On 3 Aug 2006 04:00:15 GMT, firstname.lastname@example.org (DoN. Nichols) wrote:
Funny, most 3 phase units I've seen have high starting torque.
Some units have shutoff solenoids, and start under headpresure,
even after long off-periods.
But since this is crossposted to alt.home.repair, I can see why the
presumption is made, since you likely only deal with residential
Well ... I've observed a failure from a power glitch in an
industrial unit (out where I worked before I retired). I was sitting
out in my car relaxing at lunchtime, and I heard a loud whooshing sound,
and saw a dense white cloud billowing out of the room which had the air
conditioner compressors, along with other HVAC stuff for the building.
It turns out that it blew a hole in the compressor's crankcase.
It apparently tried to start with liquid in at least one cylinder, and
the three phase motor *did* have plenty of starting torque -- too much
in terms of the health of the multi-cylinder compressor.
Luckly, there were two other units in the same room which did
survive, so we were not baked out of the building until repairs could be
Well ... I'm the one you quoted, and I was posting from
rec.crafts.metalworking instead. Still not as an expert on
refrigeration systems, but with a bit of mechanical knowledge at least.
And -- if this system had had an electronic time delay on the
restart as my home system does, it would have survived, and would not
dumped a large quantity of whatever refrigerant it happened to use.
This was before the changing regulations forced us to abandon the Halon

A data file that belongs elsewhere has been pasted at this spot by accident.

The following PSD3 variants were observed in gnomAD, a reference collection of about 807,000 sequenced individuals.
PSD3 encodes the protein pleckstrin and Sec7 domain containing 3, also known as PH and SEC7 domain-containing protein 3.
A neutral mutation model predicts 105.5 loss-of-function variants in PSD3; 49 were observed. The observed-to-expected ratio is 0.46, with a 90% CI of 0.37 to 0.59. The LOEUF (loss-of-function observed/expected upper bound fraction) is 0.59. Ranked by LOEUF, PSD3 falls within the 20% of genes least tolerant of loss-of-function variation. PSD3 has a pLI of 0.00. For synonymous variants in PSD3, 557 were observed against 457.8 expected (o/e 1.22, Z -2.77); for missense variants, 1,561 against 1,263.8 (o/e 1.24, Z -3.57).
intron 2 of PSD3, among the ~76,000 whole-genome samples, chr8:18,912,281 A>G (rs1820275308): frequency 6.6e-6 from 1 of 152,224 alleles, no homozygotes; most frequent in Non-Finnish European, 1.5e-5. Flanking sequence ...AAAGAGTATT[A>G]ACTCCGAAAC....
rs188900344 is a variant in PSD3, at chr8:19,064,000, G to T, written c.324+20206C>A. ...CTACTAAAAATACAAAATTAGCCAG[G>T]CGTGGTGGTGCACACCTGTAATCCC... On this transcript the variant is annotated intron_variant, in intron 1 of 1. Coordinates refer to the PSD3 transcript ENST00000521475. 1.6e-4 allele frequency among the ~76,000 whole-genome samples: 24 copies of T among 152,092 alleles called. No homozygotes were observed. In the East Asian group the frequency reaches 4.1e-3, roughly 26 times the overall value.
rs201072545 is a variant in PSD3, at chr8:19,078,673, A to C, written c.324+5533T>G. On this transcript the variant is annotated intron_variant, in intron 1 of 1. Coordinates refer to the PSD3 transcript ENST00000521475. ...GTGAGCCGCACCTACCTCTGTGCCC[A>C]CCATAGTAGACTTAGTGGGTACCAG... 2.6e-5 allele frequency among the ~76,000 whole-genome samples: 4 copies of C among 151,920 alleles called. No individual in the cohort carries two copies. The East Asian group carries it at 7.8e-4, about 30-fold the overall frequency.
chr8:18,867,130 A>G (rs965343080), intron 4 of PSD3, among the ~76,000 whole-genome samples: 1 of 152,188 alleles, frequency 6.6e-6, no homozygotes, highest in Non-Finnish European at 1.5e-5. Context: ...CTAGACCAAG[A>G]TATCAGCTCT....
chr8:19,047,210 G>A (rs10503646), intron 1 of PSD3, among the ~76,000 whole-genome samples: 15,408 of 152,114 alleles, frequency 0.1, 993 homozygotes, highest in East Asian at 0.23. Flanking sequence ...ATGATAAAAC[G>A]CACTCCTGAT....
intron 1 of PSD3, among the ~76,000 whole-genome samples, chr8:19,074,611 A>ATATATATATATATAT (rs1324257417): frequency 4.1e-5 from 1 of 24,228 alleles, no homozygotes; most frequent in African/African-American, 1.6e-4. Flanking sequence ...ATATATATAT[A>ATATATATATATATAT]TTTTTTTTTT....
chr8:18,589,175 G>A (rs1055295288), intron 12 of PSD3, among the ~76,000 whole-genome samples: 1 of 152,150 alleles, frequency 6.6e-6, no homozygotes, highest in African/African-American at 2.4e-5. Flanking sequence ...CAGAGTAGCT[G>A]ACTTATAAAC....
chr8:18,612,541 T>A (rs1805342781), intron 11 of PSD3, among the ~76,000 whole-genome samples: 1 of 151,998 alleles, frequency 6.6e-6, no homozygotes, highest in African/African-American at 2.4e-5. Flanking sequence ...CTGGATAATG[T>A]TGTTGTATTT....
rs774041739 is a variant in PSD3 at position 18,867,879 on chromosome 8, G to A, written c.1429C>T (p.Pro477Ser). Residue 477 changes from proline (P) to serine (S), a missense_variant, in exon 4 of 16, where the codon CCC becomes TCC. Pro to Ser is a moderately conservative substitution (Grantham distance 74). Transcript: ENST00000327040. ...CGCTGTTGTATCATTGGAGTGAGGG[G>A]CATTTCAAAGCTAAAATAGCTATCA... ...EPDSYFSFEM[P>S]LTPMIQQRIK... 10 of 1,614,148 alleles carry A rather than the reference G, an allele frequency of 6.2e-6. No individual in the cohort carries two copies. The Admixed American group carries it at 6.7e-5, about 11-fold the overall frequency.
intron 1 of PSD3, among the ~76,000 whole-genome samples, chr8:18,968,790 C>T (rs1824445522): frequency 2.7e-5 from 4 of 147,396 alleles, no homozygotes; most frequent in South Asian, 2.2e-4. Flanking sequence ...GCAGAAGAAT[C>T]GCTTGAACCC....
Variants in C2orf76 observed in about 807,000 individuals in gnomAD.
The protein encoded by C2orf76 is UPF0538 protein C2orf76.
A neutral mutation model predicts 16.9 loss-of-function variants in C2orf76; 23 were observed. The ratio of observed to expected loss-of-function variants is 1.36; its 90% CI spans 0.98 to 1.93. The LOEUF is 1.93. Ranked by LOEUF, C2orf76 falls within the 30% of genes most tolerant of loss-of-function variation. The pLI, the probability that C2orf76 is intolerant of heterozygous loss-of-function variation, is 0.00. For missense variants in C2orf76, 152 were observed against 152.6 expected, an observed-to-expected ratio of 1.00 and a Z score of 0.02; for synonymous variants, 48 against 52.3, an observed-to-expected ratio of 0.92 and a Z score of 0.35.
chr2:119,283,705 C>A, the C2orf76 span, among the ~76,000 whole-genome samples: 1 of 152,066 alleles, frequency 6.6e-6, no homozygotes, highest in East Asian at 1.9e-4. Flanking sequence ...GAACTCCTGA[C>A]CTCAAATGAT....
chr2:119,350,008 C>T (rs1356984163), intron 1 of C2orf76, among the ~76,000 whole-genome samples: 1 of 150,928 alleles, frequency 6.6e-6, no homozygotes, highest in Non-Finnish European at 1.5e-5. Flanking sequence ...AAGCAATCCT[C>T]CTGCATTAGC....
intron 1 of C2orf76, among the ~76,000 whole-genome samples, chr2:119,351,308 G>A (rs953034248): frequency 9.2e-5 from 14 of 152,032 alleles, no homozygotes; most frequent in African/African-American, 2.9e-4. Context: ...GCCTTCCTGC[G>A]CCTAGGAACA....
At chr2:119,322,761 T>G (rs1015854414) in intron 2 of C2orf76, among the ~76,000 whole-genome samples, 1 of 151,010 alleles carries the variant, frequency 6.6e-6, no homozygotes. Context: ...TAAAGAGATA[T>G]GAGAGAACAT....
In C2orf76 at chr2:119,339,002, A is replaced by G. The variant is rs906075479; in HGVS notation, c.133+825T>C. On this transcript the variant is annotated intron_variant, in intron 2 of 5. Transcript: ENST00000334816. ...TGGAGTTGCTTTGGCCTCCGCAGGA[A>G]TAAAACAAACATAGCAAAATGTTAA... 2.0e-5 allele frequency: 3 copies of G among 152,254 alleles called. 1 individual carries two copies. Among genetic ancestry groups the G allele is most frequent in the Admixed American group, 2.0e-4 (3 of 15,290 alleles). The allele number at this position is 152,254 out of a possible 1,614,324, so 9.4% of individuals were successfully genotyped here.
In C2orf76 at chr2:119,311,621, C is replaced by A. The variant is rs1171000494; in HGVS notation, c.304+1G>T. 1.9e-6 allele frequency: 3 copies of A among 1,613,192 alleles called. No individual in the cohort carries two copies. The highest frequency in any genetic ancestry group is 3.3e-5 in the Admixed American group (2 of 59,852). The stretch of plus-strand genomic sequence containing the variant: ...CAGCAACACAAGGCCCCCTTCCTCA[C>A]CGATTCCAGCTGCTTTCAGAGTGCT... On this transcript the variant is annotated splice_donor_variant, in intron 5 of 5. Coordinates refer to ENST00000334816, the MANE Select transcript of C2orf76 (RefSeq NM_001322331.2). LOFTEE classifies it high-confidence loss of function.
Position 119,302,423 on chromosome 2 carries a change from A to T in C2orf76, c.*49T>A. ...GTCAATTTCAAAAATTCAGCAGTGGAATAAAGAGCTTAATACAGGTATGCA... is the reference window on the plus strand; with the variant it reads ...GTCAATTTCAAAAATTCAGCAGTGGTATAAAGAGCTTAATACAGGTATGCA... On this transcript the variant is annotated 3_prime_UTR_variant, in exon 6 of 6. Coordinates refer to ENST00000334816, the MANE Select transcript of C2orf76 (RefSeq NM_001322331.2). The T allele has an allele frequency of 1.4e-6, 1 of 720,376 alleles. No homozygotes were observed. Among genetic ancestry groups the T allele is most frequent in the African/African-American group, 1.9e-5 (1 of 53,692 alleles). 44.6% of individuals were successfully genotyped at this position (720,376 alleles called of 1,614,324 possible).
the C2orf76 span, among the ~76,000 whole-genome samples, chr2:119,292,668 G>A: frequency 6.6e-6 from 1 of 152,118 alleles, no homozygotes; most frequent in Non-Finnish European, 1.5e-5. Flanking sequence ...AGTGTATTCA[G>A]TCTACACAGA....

(another CFC) fire control system in our large computer room and replace
it with dry-pipe water fire extinguishers.
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Common terminal. The can is (unless defective) isolated.
One of your terminals may be shorted to the (grounded) can, thus causing
your circuit breaker overload.
Costs about $10 or $20 at http://www.grainger.com/ to get a replacement.
Also all over eBay.
If there is a short in the cap, that's one place there won't be any
visible sparking and maybe nothing visible.
It says what it is on the can. If not, I guess a diagram, and if not,
maybe the AC supply house knows. If you know the value you want you
might get it cheaper at an electronics supply house, but they might
not even sell one that big. Never tried.
I doubt it.
If it's the cap, you may have gotten off cheap. Good for you.
This is symptomatic of a bad compressor. Try testing the motor leads for a
dead short (to each other and ground). There are start and run leads. You
may need a HVAC guy to replace your compressor and recharge the system.
Um, no, that could not be the case. If I disconnect the cap's fat blue
lead and let the cap hang in the air, the breaker does not blow, the
blower runs, and the compressor hums (I am sure that it does not run).
It is very likely the cap.
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